I wasn’t entirely certain based on last year’s experience (it was my first time, and I was pretty overwhelmed, but one’s first time is always kinda special in its own way). To repeat the relevant parts from my post summarizing my TAM experience last year:
I guess the bottom-line question at this point is, based on all the above, was TAM worth the time and the expense? … It’s honestly hard for me to give a giant, resounding, unconditional “yes” that I’ll spend at least $1100 next year to come to TAM. …
With all that said (written), will I go next year? As the Magic 8 Ball would say, “All signs point to ‘Yes.’”
I can’t honestly say that there aren’t some extenuating or special circumstances towards me going this year that a lot of people have helped make happen. Well, one, really … I’m presenting! I’ll be doing a workshop that has, as of this writing, been scheduled for first thing on Thursday morning, Workshop 1A, 8:00A.M. sharp. Someone needs to make sure I’m awake, please. Appropriately, I’m in the “Skeptical Education” track as opposed to the “Skeptical Activism” track.
The workshop title is: “How Your Camera Lies to You: From UFOs to Ghosts, a Skeptics’ Guide to Photography.” I’ll be co-leading it with a veteran presenter, Bryan Bonner of the Rocky Mountain Paranormal Society. Bryan was a professional photographer for many, many years (maybe still is? I’m actually not entirely sure what his day job is).
I already have a fairly fleshed out outline for the workshop, and I will be giving at least one short version of it at the Denver Skepticamp in April. But, there’s always room at this point for changes, additions, and deletions.
To give you an idea at this point …
First third is going to be more of a (I hate to use the word, but …) lecture-style where Bryan and I are going to talk about how cameras and various forms of detectors (film, tape, CCD) work with an emphasis on – especially these days – how cameras cheat and lie about what they really imaged in order to be faster and cheaper that, in most cases, don’t matter, but can result in anomalies that someone will point to and say is Nibiru coming to get us.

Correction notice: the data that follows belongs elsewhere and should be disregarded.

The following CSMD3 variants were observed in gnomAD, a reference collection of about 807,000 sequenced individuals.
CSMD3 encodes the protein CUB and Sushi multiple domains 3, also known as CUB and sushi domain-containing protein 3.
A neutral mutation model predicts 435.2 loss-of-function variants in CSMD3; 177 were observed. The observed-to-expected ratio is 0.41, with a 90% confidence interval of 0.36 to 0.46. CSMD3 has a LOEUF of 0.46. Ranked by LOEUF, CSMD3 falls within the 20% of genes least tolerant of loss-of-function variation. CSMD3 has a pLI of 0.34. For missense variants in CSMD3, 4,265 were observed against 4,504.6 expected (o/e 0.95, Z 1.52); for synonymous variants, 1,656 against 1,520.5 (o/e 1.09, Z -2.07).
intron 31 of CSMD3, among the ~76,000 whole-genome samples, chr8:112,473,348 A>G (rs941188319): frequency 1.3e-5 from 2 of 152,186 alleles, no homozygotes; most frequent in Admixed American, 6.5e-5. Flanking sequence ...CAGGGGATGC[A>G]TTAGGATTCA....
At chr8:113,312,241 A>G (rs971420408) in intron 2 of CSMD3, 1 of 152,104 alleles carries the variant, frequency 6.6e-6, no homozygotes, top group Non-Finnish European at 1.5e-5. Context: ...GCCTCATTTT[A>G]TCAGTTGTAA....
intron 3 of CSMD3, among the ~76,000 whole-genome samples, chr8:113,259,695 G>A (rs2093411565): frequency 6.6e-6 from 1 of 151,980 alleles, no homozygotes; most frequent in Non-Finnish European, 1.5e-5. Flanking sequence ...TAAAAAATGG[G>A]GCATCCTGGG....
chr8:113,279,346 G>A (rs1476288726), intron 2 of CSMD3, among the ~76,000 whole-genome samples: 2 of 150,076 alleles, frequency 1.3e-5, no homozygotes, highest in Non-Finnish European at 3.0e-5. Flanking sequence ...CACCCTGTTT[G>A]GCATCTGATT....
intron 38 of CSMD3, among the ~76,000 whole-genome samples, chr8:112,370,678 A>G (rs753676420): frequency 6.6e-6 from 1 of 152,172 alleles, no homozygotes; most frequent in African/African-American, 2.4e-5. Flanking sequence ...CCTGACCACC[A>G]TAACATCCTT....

The second third is going to be more interactive and focus on purposeful human manipulation. Bryan will talk about old darkroom tricks while I’ll focus more on the basics of image processing in a digital age. We’ll bring in examples of some of the more famous anomalies in images, such as some famous ghost images, UFO photos, and the Face on Mars.
The next third is going to be an in-depth image analysis that will be very interactive. The idea is that we’ll present some images and have you try to figure out what’s going on and how to tell if it’s been manipulated and, if so, how that may have happened … or at least how you can tell if it’s been manipulated. Cue the lunar ziggurat or Hoagland’s pink energy beam.
The fourth third is to leave a block of time at the end for any questions.
Something D.J. (JREF president) emphasized to me is that interactivity should be a major part of workshops at TAM. That’s the point of a “workshop” versus a talk or panel. And I honestly was disappointed last year that many of the workshops were NOT interactive and yet they were two hours long.
This year, we have 90 minutes as opposed to 120. But, I would like to know what you folks think would be good ways for us workshop presenters (myself and Bryan) to better make this interactive. Ideas at the moment are:
- Obviously questions can be asked.
- The audience trying to figure out what’s going on in the images.
- Soliciting people who are going to the workshop to send in photos that we could choose from to analyze during the workshop.
- iPod/Pad/Phone and/or Android “app” that covers the basics we’ll talk about, and/or a handout.
For that last bullet point, if anyone thinks this is a good idea, please also suggest a programmer who’d be interested in working on this for free. Yes, I’m a part-time freelancer/contractor, and I read the “Clients from Hell” blog, so don’t lecture me about expecting stuff for free being foolish. Ideally the person is already into science/skepticism/education/etc. and so understands that there is no budget for this and it’s community outreach.
All that said, I’m looking forward to this but I’m also pretty nervous. This is a big step up from doing a blog, or a podcast, or an interview, or a local talk. After this, I’ll be able to say I did a show in Vegas!
We’ll see what happens. And, over the next few months as TAM gets closer, I’ll be planning this out more and post more details.
So, if you’re planning on going to TAM, and you can manage to be awake at 8AM, please consider coming to Workshop 1A!